Vancouver News

Health care worker bargaining at standstill

By The Canadian Press

VANCOUVER - No bargaining sessions have been planned between government and health care workers despite a strong strike mandate reached last week.

About 47,000 workers from 11 unions represented by the Facilities Bargaining Association — composed of emergency dispatchers, dietary staff, care aides and many more — voted 96 per cent in favour of a strike.

Roy Thorpe-Dorward, who represents the organization bargaining for government employers, says the Health Employers Association of B.C. hasn't scheduled talks with workers yet, but will try reaching out to labourers in the coming days.

The Hospital Employees Union, the biggest union in the dispute, is concerned employers' proposal to allow up to 1,500 full-time jobs to get contracted out will mean that many workers will get replaced.

However, Thorpe-Dorward says the proposal doesn't mean that current employees will get displaced, and that the number of possible contract workers is small compared to the union association's size.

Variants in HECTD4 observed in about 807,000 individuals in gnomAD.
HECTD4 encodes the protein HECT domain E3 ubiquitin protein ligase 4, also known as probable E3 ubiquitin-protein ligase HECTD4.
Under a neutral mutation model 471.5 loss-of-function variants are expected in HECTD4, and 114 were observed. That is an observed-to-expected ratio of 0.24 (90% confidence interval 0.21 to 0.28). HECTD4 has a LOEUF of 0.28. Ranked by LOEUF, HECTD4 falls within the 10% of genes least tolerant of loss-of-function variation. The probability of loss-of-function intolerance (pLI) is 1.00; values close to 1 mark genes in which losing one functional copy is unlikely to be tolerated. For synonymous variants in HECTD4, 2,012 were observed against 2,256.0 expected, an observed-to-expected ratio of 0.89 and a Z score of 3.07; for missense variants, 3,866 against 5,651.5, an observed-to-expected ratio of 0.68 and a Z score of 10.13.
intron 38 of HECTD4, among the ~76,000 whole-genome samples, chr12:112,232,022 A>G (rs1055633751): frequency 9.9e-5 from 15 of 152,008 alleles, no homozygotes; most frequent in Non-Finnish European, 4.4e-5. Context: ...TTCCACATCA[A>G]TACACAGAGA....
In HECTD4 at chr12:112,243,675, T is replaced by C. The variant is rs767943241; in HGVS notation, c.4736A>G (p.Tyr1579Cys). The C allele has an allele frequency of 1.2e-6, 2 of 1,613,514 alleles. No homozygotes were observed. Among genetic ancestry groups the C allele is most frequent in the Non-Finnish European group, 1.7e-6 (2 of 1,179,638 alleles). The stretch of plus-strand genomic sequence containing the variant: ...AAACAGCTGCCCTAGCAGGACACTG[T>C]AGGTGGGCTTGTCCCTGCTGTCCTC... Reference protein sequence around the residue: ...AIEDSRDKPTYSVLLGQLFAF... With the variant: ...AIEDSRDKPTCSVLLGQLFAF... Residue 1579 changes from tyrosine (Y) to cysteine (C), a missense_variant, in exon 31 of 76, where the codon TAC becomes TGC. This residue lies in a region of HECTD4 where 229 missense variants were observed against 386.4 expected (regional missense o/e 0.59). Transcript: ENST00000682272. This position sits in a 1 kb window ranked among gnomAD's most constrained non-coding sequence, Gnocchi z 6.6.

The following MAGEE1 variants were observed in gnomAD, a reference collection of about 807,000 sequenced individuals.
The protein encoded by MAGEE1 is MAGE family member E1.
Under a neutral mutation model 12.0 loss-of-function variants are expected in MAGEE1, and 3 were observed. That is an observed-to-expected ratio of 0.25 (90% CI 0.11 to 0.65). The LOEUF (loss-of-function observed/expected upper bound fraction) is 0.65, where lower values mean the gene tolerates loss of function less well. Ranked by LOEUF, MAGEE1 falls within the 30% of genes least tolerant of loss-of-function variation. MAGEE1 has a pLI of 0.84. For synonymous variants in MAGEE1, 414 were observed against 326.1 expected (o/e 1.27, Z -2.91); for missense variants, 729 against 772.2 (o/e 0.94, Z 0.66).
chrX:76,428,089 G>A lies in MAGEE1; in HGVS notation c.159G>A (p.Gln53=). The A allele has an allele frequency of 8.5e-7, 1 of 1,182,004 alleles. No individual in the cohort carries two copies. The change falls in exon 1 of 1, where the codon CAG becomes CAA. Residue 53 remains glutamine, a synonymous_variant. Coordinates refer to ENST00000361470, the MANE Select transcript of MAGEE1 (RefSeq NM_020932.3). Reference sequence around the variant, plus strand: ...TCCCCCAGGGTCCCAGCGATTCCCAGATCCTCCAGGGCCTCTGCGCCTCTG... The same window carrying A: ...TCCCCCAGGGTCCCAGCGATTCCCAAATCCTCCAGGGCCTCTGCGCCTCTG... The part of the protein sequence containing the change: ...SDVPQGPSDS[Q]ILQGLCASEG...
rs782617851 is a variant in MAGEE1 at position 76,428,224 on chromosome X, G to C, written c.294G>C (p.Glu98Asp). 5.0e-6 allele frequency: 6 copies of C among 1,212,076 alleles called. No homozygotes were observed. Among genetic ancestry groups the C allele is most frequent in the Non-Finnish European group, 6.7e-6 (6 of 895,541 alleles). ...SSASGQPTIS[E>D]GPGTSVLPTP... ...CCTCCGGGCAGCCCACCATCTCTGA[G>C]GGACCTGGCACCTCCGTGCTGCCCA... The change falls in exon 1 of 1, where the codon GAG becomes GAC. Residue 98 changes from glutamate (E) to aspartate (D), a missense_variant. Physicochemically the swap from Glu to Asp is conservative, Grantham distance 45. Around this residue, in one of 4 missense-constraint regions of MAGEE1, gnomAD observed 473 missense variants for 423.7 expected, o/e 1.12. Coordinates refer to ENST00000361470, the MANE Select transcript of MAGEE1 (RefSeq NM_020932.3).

The Facilities Bargaining Association says benefits, employment security and improved health and safety provisions are key issues in the dispute.

The current round of talks began in January and broke off in late March.

We encourage an open exchange of ideas on this story's topic, but we ask you to follow our guidelines for respecting community standards. Personal attacks, inappropriate language, and off-topic comments may be removed, and comment privileges revoked, per our Terms of Use. Please see our FAQ if you have questions or concerns about using Facebook to comment.

Read the latest eEdition

Browse the print edition page by page, including stories and ads.

Aug 27 edition online now. Browse the archives.